Being teased by others about some aspects of your personality and/or appearance is difficult enough for some people to handle and is totally horrifying when the bullying begins either from one person or a group of people. It stings even more when it involves a person that was once considered a friend but has decided to join in the taunting. In the feature film from Spain, Piggy (Cerdita) written and directed by Carlota Pereda expanded from her 2018 short of the same name, the protagonist is a plus size teenager named Sara (Laura Galán) who is expected by her parents to work in the family butcher shop business when not in school. From the onset of the film, it is noted that there are some other teens outside the shop who appear to be the “cool” kids and most likely from more affluent families than Sara’s. Although they do not mock Sara in front of her family at the shop, they ridicule the family by posting a photo of the parents and Sara in the shop to social media with a derogatory comment about their weight.
In Pereda’s film, do not expect this horror/drama film to have a “beast” invading the community and killing the townsfolk one at a time. In this story, the “monsters” are humans who are very inhumane, including an unknown stranger who appears out of nowhere and seems to select his victims at random before disposing of them.
Sara is bullied and harassed by three blond teen girls about her weight. They are Maca (Claudia Salas), Roci (Camille Aguilar), and Claudia (Irene Ferreiro), Sara’s former friend. The nastiness was limited at first to verbal abuse and then increases when Sara is in the pool and endanger her to the point of almost drowning when they thought no one was watching. The stranger in town (played by Richard Holmes) observed the shenanigans and takes it upon himself to take out Sara’s tormentors. When Sara accidentally runs into the trio of girls being kidnapped in a van, the stranger shows compassion and tosses Sara a towel to cover up with as she walks back to town in a bikini after the girls had stolen her personal belongings. Soon after, Sara and community find out the pool’s lifeguard and a waitress are dead, throwing the small-town residents in a frenzy and investigators begin the questioning.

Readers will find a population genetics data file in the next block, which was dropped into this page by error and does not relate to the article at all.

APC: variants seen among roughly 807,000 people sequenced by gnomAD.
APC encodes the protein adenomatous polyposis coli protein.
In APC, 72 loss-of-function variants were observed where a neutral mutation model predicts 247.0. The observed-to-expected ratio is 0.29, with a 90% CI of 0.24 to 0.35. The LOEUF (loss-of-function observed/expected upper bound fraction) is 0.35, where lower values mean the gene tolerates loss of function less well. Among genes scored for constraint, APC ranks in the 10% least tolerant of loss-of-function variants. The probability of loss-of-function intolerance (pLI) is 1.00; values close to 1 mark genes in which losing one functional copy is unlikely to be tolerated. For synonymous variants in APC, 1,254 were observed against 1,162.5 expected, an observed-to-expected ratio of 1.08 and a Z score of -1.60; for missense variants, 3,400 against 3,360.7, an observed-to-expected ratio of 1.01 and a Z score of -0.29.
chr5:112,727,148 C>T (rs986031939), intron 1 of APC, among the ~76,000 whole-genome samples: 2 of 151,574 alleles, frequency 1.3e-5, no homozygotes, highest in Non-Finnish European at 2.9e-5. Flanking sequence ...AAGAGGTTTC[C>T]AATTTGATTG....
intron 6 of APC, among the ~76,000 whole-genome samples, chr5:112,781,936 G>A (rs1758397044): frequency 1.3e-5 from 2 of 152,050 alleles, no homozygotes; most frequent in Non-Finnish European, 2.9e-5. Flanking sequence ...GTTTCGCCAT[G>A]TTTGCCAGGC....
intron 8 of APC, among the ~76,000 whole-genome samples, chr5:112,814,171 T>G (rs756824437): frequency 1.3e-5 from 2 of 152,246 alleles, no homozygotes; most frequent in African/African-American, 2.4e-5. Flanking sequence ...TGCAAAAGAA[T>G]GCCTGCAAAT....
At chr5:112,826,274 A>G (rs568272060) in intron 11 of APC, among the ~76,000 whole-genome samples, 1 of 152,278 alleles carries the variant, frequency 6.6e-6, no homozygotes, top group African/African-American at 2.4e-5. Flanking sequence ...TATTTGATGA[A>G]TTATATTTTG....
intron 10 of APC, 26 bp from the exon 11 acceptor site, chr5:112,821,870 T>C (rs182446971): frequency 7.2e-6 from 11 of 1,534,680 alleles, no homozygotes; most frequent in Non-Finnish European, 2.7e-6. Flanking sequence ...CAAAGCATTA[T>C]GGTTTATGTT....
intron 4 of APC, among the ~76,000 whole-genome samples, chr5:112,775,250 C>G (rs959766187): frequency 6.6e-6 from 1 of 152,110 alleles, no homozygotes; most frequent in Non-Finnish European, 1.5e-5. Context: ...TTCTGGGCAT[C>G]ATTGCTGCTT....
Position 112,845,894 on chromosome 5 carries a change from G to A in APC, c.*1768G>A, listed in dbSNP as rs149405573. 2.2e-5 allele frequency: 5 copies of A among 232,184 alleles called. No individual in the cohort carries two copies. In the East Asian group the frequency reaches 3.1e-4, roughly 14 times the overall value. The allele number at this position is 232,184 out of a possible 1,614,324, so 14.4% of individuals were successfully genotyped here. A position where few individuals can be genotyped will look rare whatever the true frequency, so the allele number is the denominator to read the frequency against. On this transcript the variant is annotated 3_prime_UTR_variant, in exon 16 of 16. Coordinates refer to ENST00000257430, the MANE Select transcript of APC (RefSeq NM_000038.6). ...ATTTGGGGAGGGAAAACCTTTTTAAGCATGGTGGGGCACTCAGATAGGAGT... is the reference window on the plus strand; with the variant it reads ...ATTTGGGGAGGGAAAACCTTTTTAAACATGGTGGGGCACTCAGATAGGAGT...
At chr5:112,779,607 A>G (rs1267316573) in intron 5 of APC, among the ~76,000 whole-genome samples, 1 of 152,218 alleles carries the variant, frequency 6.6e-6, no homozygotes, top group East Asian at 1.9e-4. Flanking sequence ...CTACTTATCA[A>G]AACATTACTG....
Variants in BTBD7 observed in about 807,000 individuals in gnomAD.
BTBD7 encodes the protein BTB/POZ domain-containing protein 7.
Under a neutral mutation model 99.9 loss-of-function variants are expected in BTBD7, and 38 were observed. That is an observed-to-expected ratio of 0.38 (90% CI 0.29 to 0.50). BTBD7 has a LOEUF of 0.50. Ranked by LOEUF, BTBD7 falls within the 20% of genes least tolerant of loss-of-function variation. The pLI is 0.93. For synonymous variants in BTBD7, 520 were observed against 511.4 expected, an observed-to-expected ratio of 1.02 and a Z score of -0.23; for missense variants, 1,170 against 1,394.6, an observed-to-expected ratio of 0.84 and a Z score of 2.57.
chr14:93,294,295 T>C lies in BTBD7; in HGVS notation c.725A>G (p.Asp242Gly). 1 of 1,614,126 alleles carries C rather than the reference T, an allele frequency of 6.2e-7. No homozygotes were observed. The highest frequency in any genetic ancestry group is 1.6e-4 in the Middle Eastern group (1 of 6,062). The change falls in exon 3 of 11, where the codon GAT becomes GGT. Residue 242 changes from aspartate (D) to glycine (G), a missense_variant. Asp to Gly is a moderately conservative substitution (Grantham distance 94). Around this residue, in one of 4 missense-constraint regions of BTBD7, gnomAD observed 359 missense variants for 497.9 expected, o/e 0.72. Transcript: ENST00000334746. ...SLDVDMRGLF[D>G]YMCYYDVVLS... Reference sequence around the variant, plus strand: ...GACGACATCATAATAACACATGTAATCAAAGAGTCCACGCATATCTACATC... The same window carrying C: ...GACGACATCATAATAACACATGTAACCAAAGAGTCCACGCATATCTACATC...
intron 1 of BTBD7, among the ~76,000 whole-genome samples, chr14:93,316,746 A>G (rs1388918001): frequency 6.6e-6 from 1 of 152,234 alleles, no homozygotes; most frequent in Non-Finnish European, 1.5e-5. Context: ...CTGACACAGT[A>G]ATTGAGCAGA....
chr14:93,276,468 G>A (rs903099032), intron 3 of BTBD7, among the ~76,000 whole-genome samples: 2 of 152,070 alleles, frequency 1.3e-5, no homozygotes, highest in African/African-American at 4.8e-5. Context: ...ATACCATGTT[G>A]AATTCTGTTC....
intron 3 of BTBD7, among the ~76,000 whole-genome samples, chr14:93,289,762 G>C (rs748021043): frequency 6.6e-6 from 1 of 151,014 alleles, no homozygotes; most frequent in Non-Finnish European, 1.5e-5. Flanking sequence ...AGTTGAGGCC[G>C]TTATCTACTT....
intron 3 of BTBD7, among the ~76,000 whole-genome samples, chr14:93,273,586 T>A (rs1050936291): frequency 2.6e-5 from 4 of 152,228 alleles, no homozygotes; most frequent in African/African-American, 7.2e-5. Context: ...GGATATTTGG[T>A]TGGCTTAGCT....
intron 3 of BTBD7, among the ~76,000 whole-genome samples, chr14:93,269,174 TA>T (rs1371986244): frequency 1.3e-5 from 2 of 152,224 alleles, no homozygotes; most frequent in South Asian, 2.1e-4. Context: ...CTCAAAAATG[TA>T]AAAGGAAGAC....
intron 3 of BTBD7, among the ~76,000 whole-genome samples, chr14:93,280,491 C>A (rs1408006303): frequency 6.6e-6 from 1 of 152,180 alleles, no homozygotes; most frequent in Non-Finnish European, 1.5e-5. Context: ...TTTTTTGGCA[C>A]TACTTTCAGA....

Sara also has issues at home with a strict mother who almost always screams at her for one reason or another. The mistreatment and verbal abuse have impacted her to the point of believing she can’t do anything right. When she receives the bit of attention or compassion from the stranger, she has feelings that she has not encountered before and lead her to the dilemma of what to say/do regarding the girls.
Galán’s performance is superb as Sara showing the audience her character’s feelings from joy to fear and in between. Galán does not always use words to convey these feelings, as she effectively uses plenty of non-verbal techniques to do so. As the anxiety in town increases because of the missing girls and the stranger’s violence changes focus on her family members, and sees where two of the three girls are being kept, Sara’s emotions hit a point of blowing up finds herself acting out. The ending may be unexpected by some audience members and hard to watch as her rage is on full display.
Piggy is the winner of the Best Picture in Horror at Fantastic Fest in Austin last week.
The film will open exclusively at Alamo Drafthouse theaters on October 7 before being available theatrically and VOD October 14.
The film is 90 minutes long and is in Spanish with English subtitles.
Source: Distributor: Magnet Releasing